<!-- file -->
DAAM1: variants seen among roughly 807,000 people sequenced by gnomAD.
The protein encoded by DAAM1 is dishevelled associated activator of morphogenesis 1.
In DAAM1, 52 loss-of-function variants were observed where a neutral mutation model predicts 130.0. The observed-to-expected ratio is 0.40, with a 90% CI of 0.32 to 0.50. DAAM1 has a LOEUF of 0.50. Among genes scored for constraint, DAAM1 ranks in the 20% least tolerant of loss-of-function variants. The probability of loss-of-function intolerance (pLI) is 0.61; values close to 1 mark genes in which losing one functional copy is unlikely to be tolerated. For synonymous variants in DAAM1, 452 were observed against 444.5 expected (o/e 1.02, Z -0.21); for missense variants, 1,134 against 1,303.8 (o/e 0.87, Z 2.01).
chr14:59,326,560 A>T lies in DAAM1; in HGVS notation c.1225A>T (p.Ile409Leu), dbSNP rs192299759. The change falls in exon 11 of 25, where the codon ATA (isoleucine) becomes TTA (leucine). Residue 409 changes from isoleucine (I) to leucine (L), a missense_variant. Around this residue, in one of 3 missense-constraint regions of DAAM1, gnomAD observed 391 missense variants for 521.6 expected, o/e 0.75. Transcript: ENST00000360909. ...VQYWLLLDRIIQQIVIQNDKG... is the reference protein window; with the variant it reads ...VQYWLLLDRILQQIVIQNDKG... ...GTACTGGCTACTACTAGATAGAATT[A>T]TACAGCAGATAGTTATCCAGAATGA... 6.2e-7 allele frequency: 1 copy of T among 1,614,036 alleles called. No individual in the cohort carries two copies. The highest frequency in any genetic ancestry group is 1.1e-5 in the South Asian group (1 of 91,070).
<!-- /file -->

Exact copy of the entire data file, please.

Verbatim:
DAAM1: variants seen among roughly 807,000 people sequenced by gnomAD.
The protein encoded by DAAM1 is dishevelled associated activator of morphogenesis 1.
In DAAM1, 52 loss-of-function variants were observed where a neutral mutation model predicts 130.0. The observed-to-expected ratio is 0.40, with a 90% CI of 0.32 to 0.50. DAAM1 has a LOEUF of 0.50. Among genes scored for constraint, DAAM1 ranks in the 20% least tolerant of loss-of-function variants. The probability of loss-of-function intolerance (pLI) is 0.61; values close to 1 mark genes in which losing one functional copy is unlikely to be tolerated. For synonymous variants in DAAM1, 452 were observed against 444.5 expected (o/e 1.02, Z -0.21); for missense variants, 1,134 against 1,303.8 (o/e 0.87, Z 2.01).
chr14:59,326,560 A>T lies in DAAM1; in HGVS notation c.1225A>T (p.Ile409Leu), dbSNP rs192299759. The change falls in exon 11 of 25, where the codon ATA (isoleucine) becomes TTA (leucine). Residue 409 changes from isoleucine (I) to leucine (L), a missense_variant. Around this residue, in one of 3 missense-constraint regions of DAAM1, gnomAD observed 391 missense variants for 521.6 expected, o/e 0.75. Transcript: ENST00000360909. ...VQYWLLLDRIIQQIVIQNDKG... is the reference protein window; with the variant it reads ...VQYWLLLDRILQQIVIQNDKG... ...GTACTGGCTACTACTAGATAGAATT[A>T]TACAGCAGATAGTTATCCAGAATGA... 6.2e-7 allele frequency: 1 copy of T among 1,614,036 alleles called. No individual in the cohort carries two copies. The highest frequency in any genetic ancestry group is 1.1e-5 in the South Asian group (1 of 91,070).